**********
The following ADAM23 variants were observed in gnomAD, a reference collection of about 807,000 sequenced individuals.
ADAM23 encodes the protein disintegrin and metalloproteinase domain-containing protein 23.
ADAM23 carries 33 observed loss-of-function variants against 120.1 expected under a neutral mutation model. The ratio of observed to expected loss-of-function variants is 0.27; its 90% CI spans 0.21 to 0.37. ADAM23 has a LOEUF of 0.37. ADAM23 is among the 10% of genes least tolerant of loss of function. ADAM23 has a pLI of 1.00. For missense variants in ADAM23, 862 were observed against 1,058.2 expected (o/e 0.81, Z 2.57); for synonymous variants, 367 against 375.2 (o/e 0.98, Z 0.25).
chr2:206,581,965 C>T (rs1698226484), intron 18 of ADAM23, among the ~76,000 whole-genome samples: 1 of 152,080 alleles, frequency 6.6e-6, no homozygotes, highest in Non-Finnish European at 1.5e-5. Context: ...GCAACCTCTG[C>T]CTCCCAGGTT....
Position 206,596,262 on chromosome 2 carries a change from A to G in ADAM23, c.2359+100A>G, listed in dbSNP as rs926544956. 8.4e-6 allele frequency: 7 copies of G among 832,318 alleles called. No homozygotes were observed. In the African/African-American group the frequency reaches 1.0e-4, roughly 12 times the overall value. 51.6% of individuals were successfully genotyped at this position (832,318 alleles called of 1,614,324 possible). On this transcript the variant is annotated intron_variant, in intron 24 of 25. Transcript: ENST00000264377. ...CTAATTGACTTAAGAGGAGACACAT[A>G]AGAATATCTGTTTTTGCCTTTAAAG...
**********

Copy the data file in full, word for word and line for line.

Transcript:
The following ADAM23 variants were observed in gnomAD, a reference collection of about 807,000 sequenced individuals.
ADAM23 encodes the protein disintegrin and metalloproteinase domain-containing protein 23.
ADAM23 carries 33 observed loss-of-function variants against 120.1 expected under a neutral mutation model. The ratio of observed to expected loss-of-function variants is 0.27; its 90% CI spans 0.21 to 0.37. ADAM23 has a LOEUF of 0.37. ADAM23 is among the 10% of genes least tolerant of loss of function. ADAM23 has a pLI of 1.00. For missense variants in ADAM23, 862 were observed against 1,058.2 expected (o/e 0.81, Z 2.57); for synonymous variants, 367 against 375.2 (o/e 0.98, Z 0.25).
chr2:206,581,965 C>T (rs1698226484), intron 18 of ADAM23, among the ~76,000 whole-genome samples: 1 of 152,080 alleles, frequency 6.6e-6, no homozygotes, highest in Non-Finnish European at 1.5e-5. Context: ...GCAACCTCTG[C>T]CTCCCAGGTT....
Position 206,596,262 on chromosome 2 carries a change from A to G in ADAM23, c.2359+100A>G, listed in dbSNP as rs926544956. 8.4e-6 allele frequency: 7 copies of G among 832,318 alleles called. No homozygotes were observed. In the African/African-American group the frequency reaches 1.0e-4, roughly 12 times the overall value. 51.6% of individuals were successfully genotyped at this position (832,318 alleles called of 1,614,324 possible). On this transcript the variant is annotated intron_variant, in intron 24 of 25. Transcript: ENST00000264377. ...CTAATTGACTTAAGAGGAGACACAT[A>G]AGAATATCTGTTTTTGCCTTTAAAG...